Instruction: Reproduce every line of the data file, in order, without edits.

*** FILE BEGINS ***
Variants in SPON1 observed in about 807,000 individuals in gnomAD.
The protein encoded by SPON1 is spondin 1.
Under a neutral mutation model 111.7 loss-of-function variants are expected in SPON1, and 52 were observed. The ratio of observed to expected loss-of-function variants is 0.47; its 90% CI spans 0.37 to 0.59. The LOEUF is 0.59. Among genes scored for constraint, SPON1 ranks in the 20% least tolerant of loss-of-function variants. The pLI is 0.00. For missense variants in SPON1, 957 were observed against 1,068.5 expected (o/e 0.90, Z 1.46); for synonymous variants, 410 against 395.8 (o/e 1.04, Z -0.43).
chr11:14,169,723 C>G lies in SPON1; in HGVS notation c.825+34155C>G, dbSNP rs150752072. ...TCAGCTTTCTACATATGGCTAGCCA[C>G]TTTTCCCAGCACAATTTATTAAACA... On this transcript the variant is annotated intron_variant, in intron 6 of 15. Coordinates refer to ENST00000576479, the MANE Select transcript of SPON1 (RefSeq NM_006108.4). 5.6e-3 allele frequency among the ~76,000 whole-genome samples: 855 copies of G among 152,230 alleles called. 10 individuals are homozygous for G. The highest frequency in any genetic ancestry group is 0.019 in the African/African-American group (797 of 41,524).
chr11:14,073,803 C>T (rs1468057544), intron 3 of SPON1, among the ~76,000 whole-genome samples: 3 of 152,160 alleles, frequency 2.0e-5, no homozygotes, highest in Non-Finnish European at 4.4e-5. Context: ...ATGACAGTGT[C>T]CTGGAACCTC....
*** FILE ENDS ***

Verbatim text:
Variants in SPON1 observed in about 807,000 individuals in gnomAD.
The protein encoded by SPON1 is spondin 1.
Under a neutral mutation model 111.7 loss-of-function variants are expected in SPON1, and 52 were observed. The ratio of observed to expected loss-of-function variants is 0.47; its 90% CI spans 0.37 to 0.59. The LOEUF is 0.59. Among genes scored for constraint, SPON1 ranks in the 20% least tolerant of loss-of-function variants. The pLI is 0.00. For missense variants in SPON1, 957 were observed against 1,068.5 expected (o/e 0.90, Z 1.46); for synonymous variants, 410 against 395.8 (o/e 1.04, Z -0.43).
chr11:14,169,723 C>G lies in SPON1; in HGVS notation c.825+34155C>G, dbSNP rs150752072. ...TCAGCTTTCTACATATGGCTAGCCA[C>G]TTTTCCCAGCACAATTTATTAAACA... On this transcript the variant is annotated intron_variant, in intron 6 of 15. Coordinates refer to ENST00000576479, the MANE Select transcript of SPON1 (RefSeq NM_006108.4). 5.6e-3 allele frequency among the ~76,000 whole-genome samples: 855 copies of G among 152,230 alleles called. 10 individuals are homozygous for G. The highest frequency in any genetic ancestry group is 0.019 in the African/African-American group (797 of 41,524).
chr11:14,073,803 C>T (rs1468057544), intron 3 of SPON1, among the ~76,000 whole-genome samples: 3 of 152,160 alleles, frequency 2.0e-5, no homozygotes, highest in Non-Finnish European at 4.4e-5. Context: ...ATGACAGTGT[C>T]CTGGAACCTC....